A very wonderful and wise lady at my church said that we wouldn’t have to say, “I trust you” if there were no question of the path. Isn’t that so true? “I trust you” isn’t something we randomly say to start a conversation like a “Hey, how are you doing?” sort of greeting; it is something deep and personal that we say when we don’t know what the outcome is going to be. Real trust is always revealed in the face of uncertain circumstances.
Yet trust is a tricky thing because it makes us vulnerable. Trust is about relying on someone or something other than yourself to come through for you, and that can feel scary – dangerous, even. And that is where we run into trouble trusting God. Oh, we know we are supposed to trust Him, knowing that His plans are best and that He is good. So, like good Christians, we place our “trust” in God – but just in case He doesn’t come through on His promises, we devise a back-up plan, a Plan B to implement when Plan A just isn’t working out.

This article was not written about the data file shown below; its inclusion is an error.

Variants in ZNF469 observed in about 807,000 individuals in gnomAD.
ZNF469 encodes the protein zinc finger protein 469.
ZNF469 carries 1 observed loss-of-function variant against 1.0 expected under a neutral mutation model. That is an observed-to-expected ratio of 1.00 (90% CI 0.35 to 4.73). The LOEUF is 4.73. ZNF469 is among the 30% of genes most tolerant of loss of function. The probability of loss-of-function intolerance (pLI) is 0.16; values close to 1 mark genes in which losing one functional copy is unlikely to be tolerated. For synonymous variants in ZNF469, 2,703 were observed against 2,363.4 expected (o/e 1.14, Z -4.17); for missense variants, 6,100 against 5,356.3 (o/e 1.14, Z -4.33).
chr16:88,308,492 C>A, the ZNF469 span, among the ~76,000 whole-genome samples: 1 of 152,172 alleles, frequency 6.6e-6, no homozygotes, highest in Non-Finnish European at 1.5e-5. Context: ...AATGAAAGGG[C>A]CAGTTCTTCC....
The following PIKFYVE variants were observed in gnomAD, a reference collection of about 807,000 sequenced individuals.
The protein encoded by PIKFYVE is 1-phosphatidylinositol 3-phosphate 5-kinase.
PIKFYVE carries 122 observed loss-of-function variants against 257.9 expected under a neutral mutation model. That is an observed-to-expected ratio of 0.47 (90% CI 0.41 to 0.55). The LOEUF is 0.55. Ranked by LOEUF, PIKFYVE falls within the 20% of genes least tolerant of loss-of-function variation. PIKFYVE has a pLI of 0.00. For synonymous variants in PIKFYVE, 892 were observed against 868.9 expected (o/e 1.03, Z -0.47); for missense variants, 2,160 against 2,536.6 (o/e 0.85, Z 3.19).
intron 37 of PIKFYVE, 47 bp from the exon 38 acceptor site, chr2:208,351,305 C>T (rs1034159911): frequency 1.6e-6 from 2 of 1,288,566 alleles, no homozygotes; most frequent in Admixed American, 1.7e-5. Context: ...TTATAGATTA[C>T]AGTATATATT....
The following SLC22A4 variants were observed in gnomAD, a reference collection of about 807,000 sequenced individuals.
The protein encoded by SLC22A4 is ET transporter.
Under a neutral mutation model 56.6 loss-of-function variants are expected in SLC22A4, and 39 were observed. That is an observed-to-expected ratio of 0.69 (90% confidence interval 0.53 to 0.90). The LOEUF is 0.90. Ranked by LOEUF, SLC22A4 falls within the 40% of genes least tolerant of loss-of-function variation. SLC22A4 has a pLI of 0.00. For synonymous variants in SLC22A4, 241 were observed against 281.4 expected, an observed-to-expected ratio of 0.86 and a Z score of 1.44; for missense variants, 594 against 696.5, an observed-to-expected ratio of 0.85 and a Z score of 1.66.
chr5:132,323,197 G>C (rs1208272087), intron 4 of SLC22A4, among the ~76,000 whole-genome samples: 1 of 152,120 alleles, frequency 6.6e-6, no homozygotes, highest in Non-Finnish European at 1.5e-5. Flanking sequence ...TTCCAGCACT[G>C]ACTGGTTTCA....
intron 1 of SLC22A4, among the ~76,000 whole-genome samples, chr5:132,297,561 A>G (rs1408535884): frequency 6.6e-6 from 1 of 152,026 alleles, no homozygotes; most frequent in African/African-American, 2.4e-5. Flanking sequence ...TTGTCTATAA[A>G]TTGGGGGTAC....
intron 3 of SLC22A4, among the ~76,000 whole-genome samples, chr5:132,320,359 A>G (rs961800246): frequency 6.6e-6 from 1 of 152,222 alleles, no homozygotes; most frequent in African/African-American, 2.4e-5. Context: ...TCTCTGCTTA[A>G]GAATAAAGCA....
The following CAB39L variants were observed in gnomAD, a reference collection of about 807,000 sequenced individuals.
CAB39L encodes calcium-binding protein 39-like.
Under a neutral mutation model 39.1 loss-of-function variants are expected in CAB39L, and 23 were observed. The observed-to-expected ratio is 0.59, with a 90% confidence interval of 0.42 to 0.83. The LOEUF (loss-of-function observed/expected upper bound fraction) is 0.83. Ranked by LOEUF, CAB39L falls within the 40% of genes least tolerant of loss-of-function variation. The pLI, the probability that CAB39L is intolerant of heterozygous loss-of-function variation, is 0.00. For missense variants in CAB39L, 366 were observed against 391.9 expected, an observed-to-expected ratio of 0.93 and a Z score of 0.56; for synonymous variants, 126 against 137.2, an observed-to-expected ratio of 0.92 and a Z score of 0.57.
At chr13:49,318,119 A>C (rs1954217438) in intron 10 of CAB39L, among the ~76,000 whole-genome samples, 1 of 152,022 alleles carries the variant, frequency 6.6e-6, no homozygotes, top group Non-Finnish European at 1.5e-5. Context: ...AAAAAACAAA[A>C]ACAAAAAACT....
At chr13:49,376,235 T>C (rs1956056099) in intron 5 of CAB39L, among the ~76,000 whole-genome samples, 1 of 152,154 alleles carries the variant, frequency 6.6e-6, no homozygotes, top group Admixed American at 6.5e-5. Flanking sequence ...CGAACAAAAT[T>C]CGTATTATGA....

In The Princess Bride, Westley told Buttercup that he would always come for her because that is what true love does – it keeps promises and always prevails. Always, Westley said. Now, long story short: Westley left, Buttercup ended up engaged to the horrid Prince Humperdinck, Westley came back only to be parted from Buttercup again. Then the prince was going to force Buttercup to marry him. At the wedding ceremony, Buttercup waited in all the defiance of her certainty that Westley was coming. She goaded the prince, gloating that Westley was coming to rescue her.